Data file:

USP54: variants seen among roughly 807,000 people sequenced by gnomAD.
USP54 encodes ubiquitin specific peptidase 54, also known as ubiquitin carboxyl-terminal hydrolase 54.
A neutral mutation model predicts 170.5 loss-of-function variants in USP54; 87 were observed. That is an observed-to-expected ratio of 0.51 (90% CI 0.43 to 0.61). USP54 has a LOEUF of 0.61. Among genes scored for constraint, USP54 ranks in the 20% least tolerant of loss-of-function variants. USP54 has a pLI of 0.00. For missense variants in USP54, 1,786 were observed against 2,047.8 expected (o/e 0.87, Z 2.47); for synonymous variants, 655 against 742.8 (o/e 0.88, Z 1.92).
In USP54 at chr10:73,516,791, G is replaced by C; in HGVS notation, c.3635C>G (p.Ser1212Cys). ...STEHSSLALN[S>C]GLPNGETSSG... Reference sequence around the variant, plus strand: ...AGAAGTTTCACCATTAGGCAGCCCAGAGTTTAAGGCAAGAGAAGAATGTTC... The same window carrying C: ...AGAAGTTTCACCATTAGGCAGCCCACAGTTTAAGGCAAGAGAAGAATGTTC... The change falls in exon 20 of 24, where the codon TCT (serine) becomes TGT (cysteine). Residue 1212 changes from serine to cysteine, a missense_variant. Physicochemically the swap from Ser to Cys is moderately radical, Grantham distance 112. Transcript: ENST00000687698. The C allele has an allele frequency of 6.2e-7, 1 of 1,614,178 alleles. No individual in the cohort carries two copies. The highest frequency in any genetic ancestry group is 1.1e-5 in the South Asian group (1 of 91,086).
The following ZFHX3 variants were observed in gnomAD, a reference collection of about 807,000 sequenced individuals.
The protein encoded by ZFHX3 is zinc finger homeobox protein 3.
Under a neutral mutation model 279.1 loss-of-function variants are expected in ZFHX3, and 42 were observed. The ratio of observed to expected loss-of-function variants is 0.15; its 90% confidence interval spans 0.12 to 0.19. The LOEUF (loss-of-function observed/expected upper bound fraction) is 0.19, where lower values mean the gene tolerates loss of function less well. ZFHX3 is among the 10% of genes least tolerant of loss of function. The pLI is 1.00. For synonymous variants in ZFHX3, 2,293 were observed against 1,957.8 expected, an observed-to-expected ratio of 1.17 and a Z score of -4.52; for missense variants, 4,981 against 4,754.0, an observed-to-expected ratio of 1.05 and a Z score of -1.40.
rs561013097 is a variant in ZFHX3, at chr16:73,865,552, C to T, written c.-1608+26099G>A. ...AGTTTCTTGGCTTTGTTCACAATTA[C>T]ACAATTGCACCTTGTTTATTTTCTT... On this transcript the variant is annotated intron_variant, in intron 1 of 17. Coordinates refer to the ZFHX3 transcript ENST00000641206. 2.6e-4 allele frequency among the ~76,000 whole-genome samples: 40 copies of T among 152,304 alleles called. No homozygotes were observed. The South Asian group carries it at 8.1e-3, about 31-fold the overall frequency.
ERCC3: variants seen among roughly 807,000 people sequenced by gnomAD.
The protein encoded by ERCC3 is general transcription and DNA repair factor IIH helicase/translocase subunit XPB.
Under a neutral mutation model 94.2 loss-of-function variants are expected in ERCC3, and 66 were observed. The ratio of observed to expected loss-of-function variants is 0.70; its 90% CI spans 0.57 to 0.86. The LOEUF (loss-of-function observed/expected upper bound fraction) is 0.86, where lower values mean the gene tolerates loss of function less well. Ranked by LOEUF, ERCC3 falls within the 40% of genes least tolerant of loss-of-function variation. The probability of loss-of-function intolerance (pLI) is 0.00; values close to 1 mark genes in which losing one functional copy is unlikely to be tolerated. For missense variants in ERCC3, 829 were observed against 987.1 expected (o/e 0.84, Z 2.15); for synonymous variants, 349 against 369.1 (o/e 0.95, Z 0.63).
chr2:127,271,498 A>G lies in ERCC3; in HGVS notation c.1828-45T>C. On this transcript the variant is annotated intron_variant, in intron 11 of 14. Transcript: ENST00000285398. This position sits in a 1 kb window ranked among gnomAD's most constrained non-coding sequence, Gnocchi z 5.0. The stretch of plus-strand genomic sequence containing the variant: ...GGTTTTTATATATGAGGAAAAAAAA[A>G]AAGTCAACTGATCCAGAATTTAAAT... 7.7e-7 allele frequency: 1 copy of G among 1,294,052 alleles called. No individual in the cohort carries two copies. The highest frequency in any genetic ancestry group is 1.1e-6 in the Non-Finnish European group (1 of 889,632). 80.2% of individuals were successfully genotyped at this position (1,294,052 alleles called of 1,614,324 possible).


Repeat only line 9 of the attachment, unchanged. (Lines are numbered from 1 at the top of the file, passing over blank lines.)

ERCC3: variants seen among roughly 807,000 people sequenced by gnomAD.